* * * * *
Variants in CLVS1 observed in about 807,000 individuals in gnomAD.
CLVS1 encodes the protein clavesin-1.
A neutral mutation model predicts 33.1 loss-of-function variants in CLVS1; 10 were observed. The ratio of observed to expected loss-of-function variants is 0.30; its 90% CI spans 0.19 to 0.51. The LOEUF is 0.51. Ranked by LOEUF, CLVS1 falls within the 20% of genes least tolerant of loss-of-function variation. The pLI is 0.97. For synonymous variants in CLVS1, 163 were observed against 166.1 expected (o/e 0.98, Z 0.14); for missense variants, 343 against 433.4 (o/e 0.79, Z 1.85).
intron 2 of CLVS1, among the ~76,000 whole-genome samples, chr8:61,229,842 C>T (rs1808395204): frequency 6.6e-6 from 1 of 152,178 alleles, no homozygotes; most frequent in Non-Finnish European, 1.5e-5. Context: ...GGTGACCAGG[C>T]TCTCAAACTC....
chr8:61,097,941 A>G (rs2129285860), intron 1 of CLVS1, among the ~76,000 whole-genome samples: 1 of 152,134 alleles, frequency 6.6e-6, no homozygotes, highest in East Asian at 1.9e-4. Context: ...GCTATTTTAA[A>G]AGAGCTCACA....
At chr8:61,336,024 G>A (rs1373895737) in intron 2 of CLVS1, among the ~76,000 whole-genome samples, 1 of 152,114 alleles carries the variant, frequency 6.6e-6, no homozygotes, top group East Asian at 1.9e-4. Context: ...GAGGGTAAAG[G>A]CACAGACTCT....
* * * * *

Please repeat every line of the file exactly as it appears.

Variants in CLVS1 observed in about 807,000 individuals in gnomAD.
CLVS1 encodes the protein clavesin-1.
A neutral mutation model predicts 33.1 loss-of-function variants in CLVS1; 10 were observed. The ratio of observed to expected loss-of-function variants is 0.30; its 90% CI spans 0.19 to 0.51. The LOEUF is 0.51. Ranked by LOEUF, CLVS1 falls within the 20% of genes least tolerant of loss-of-function variation. The pLI is 0.97. For synonymous variants in CLVS1, 163 were observed against 166.1 expected (o/e 0.98, Z 0.14); for missense variants, 343 against 433.4 (o/e 0.79, Z 1.85).
intron 2 of CLVS1, among the ~76,000 whole-genome samples, chr8:61,229,842 C>T (rs1808395204): frequency 6.6e-6 from 1 of 152,178 alleles, no homozygotes; most frequent in Non-Finnish European, 1.5e-5. Context: ...GGTGACCAGG[C>T]TCTCAAACTC....
chr8:61,097,941 A>G (rs2129285860), intron 1 of CLVS1, among the ~76,000 whole-genome samples: 1 of 152,134 alleles, frequency 6.6e-6, no homozygotes, highest in East Asian at 1.9e-4. Context: ...GCTATTTTAA[A>G]AGAGCTCACA....
At chr8:61,336,024 G>A (rs1373895737) in intron 2 of CLVS1, among the ~76,000 whole-genome samples, 1 of 152,114 alleles carries the variant, frequency 6.6e-6, no homozygotes, top group East Asian at 1.9e-4. Context: ...GAGGGTAAAG[G>A]CACAGACTCT....